I've always wondered if this is just a marketing thing, but all across the electronic supply spectrum I see "gold plated" listed as the best conductors for various contacts and connectors. However, silver is considered the most conductive element (6.2×107 S/m), followed by copper (5.9×107 S/m), with gold (4.5×107 S/m) being third. I get that any of those are better conductors than the most common (tin and steel) but I would think silver, being less expensive, more abundant, and a better conductor, would be preferred over gold. What am I missing here?
Gold is used for connectors not so much for its conductivity as it's chemical inertness.
Even ostensibly corrosion resistant materials like aluminium and stainless steel form a thin metal oxide layer on the surface, indeed this is what gives them their corrosion resistance and metal oxides have poor conductivity.
So gold plating is potentially useful for improving the electrical connection between two contacts it tends to be most useful in signal or data connections where you are usually dealing with low voltages and maintaining a consistent resistance across connections is important.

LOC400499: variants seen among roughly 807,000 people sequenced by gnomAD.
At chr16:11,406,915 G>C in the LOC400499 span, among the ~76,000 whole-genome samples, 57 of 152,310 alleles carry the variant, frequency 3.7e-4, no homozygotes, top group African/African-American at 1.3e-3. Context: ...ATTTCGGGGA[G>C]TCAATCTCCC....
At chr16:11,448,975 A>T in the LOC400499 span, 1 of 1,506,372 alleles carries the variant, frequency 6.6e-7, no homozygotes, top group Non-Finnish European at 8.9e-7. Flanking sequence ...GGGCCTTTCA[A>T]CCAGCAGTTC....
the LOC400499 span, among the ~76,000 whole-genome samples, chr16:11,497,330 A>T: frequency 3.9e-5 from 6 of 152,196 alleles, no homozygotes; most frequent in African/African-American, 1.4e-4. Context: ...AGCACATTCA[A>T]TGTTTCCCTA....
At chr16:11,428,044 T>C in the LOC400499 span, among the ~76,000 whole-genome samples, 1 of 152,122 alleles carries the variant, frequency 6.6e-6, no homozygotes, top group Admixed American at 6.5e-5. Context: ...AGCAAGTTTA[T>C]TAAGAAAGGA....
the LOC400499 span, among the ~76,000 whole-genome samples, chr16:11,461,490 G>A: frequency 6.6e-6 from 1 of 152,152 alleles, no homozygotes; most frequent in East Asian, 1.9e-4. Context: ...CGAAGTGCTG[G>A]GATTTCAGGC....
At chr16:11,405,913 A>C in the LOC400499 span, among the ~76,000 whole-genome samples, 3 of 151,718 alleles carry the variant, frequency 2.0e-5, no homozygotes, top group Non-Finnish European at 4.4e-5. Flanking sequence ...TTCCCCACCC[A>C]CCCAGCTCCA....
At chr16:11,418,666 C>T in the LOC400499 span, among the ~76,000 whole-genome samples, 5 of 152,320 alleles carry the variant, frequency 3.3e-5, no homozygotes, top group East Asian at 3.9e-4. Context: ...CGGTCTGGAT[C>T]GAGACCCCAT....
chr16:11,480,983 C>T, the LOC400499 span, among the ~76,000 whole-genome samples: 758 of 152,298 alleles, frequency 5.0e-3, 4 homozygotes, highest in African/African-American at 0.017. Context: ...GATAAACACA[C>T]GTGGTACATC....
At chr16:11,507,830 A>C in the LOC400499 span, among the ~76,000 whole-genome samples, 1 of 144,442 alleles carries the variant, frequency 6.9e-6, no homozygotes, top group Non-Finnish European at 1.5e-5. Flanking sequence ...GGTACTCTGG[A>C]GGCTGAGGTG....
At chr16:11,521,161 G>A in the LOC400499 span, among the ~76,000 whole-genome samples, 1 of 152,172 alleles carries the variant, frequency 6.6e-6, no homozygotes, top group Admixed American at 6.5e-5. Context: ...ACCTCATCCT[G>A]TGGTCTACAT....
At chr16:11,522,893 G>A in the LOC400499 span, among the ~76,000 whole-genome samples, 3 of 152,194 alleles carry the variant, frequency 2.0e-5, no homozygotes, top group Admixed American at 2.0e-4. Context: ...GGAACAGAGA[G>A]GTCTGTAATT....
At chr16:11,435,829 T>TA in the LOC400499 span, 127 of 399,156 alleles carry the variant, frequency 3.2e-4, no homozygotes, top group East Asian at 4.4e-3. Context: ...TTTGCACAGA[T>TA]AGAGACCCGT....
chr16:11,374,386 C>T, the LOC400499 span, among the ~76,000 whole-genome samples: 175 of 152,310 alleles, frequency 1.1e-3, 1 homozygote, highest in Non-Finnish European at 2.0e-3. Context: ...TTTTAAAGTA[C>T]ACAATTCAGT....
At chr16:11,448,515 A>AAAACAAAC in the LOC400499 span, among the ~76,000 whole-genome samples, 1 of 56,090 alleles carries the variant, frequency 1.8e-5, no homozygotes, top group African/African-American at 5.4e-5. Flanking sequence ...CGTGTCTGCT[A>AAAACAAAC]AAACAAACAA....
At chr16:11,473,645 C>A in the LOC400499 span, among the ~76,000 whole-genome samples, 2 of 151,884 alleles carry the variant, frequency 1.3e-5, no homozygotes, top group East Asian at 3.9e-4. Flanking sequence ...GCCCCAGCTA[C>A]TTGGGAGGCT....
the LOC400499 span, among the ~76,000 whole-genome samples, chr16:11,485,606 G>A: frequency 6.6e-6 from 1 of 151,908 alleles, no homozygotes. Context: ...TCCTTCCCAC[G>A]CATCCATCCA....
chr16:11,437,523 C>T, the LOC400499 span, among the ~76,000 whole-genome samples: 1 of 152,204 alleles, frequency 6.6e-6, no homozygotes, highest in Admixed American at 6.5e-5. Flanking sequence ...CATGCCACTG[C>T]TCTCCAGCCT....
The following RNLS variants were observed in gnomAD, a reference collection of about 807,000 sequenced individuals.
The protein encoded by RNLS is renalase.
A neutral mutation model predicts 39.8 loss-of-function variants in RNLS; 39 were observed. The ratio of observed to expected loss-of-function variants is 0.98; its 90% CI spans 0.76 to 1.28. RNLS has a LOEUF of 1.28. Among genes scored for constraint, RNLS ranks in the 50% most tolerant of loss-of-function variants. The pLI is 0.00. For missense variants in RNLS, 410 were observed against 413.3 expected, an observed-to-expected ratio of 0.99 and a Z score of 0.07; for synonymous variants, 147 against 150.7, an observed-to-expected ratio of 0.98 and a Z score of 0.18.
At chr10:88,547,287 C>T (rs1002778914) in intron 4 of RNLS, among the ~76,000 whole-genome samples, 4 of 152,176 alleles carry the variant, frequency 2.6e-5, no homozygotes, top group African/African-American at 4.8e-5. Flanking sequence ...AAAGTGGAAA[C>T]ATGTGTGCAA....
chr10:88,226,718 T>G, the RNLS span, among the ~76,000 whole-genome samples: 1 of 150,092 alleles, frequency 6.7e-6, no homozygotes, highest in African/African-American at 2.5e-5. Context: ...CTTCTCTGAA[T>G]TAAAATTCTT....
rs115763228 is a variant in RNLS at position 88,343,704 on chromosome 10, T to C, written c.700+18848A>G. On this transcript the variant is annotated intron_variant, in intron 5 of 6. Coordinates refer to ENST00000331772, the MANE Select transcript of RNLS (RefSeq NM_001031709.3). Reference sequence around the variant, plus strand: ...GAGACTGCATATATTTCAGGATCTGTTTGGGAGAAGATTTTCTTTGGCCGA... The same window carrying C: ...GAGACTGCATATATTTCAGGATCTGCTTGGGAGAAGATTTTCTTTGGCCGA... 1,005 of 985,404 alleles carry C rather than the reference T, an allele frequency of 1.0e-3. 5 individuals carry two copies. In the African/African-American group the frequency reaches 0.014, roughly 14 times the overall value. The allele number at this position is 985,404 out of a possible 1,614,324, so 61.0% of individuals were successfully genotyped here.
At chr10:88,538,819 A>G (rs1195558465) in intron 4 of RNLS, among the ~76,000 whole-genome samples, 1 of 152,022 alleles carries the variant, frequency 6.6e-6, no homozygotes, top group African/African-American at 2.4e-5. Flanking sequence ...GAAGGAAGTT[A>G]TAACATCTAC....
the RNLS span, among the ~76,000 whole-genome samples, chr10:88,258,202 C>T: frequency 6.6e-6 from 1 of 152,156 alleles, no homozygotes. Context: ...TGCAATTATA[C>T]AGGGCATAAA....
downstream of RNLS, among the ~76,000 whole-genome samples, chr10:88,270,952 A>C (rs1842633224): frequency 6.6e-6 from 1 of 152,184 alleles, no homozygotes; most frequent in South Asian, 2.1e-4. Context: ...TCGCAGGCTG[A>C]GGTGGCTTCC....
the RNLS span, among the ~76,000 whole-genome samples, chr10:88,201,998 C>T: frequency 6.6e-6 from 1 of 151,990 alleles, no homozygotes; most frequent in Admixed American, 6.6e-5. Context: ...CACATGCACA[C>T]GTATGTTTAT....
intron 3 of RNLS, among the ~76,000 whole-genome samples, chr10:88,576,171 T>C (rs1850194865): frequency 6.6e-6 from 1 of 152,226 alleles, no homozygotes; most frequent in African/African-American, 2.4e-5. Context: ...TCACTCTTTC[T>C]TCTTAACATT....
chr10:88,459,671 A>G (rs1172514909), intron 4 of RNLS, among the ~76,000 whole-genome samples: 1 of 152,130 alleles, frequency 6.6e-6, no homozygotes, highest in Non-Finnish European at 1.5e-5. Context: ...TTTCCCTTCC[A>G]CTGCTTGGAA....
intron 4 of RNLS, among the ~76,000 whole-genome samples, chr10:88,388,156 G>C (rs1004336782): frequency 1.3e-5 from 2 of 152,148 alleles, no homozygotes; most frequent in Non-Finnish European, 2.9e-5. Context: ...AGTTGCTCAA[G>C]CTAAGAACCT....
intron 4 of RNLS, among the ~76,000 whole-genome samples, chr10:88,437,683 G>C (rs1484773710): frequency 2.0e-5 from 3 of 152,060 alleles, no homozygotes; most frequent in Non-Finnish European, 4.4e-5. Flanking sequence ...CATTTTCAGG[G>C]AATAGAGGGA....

The downside of gold is that it is soft and so prone to wear and so you tend to see it most often in connectors which need to be physically small and aren't subject to a lot of wear eg things like SIM cards, flash cards, graphics cards, phone batteries etc etc.
Where connections are changed frequently eg in music, sound and lighting equipment chrome plating or nickel plating is usually preferred as it is much harder and you can mitigate any small increase in resistance by having a larger contact area.
While gold has a slightly higher resistance, it has the major advantage of not corroding or at least corroding very very slowly in normal conditions which is why it is used for so many contacts on our day to day devices...
Silver and copper tarnish and corrode easily in the atmosphere leading to poor connections.